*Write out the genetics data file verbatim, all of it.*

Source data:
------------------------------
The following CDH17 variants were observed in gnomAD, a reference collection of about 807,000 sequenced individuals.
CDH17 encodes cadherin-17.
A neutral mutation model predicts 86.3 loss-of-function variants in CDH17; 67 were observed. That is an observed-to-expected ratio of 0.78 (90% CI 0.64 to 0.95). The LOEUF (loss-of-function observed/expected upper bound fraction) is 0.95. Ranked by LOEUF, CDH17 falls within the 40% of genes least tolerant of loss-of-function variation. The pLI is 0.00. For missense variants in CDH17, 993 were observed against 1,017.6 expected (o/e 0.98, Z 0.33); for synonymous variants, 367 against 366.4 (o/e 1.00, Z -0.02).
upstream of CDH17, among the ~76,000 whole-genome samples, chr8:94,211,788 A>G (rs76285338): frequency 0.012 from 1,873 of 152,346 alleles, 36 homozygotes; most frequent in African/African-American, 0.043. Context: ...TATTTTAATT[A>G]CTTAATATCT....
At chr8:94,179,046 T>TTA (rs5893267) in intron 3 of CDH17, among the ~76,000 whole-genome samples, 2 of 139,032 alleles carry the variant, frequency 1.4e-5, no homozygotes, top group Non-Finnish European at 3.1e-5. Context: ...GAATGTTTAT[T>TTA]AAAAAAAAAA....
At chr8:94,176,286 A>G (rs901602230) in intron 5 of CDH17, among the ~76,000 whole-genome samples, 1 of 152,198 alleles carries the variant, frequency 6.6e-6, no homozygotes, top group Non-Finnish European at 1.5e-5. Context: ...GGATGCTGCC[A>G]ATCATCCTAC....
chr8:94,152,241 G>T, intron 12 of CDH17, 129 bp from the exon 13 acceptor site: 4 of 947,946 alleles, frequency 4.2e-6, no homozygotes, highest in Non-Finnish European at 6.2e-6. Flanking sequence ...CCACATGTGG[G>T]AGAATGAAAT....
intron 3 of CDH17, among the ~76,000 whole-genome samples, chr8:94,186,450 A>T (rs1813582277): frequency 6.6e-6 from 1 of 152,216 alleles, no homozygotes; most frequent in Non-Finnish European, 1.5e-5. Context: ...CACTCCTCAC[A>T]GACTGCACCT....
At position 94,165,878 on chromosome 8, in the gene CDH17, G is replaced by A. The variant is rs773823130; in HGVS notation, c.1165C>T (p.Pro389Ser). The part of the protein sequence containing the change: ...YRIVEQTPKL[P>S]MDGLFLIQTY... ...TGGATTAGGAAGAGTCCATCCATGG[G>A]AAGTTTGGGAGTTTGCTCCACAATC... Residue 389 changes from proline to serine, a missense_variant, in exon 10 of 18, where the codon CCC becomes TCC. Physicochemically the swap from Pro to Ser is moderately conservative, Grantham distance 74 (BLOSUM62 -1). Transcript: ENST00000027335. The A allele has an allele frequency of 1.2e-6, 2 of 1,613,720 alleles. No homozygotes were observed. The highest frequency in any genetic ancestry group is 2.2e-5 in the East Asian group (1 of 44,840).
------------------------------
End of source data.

The following CDH17 variants were observed in gnomAD, a reference collection of about 807,000 sequenced individuals.
CDH17 encodes cadherin-17.
A neutral mutation model predicts 86.3 loss-of-function variants in CDH17; 67 were observed. That is an observed-to-expected ratio of 0.78 (90% CI 0.64 to 0.95). The LOEUF (loss-of-function observed/expected upper bound fraction) is 0.95. Ranked by LOEUF, CDH17 falls within the 40% of genes least tolerant of loss-of-function variation. The pLI is 0.00. For missense variants in CDH17, 993 were observed against 1,017.6 expected (o/e 0.98, Z 0.33); for synonymous variants, 367 against 366.4 (o/e 1.00, Z -0.02).
upstream of CDH17, among the ~76,000 whole-genome samples, chr8:94,211,788 A>G (rs76285338): frequency 0.012 from 1,873 of 152,346 alleles, 36 homozygotes; most frequent in African/African-American, 0.043. Context: ...TATTTTAATT[A>G]CTTAATATCT....
At chr8:94,179,046 T>TTA (rs5893267) in intron 3 of CDH17, among the ~76,000 whole-genome samples, 2 of 139,032 alleles carry the variant, frequency 1.4e-5, no homozygotes, top group Non-Finnish European at 3.1e-5. Context: ...GAATGTTTAT[T>TTA]AAAAAAAAAA....
At chr8:94,176,286 A>G (rs901602230) in intron 5 of CDH17, among the ~76,000 whole-genome samples, 1 of 152,198 alleles carries the variant, frequency 6.6e-6, no homozygotes, top group Non-Finnish European at 1.5e-5. Context: ...GGATGCTGCC[A>G]ATCATCCTAC....
chr8:94,152,241 G>T, intron 12 of CDH17, 129 bp from the exon 13 acceptor site: 4 of 947,946 alleles, frequency 4.2e-6, no homozygotes, highest in Non-Finnish European at 6.2e-6. Flanking sequence ...CCACATGTGG[G>T]AGAATGAAAT....
intron 3 of CDH17, among the ~76,000 whole-genome samples, chr8:94,186,450 A>T (rs1813582277): frequency 6.6e-6 from 1 of 152,216 alleles, no homozygotes; most frequent in Non-Finnish European, 1.5e-5. Context: ...CACTCCTCAC[A>T]GACTGCACCT....
At position 94,165,878 on chromosome 8, in the gene CDH17, G is replaced by A. The variant is rs773823130; in HGVS notation, c.1165C>T (p.Pro389Ser). The part of the protein sequence containing the change: ...YRIVEQTPKL[P>S]MDGLFLIQTY... ...TGGATTAGGAAGAGTCCATCCATGG[G>A]AAGTTTGGGAGTTTGCTCCACAATC... Residue 389 changes from proline to serine, a missense_variant, in exon 10 of 18, where the codon CCC becomes TCC. Physicochemically the swap from Pro to Ser is moderately conservative, Grantham distance 74 (BLOSUM62 -1). Transcript: ENST00000027335. The A allele has an allele frequency of 1.2e-6, 2 of 1,613,720 alleles. No homozygotes were observed. The highest frequency in any genetic ancestry group is 2.2e-5 in the East Asian group (1 of 44,840).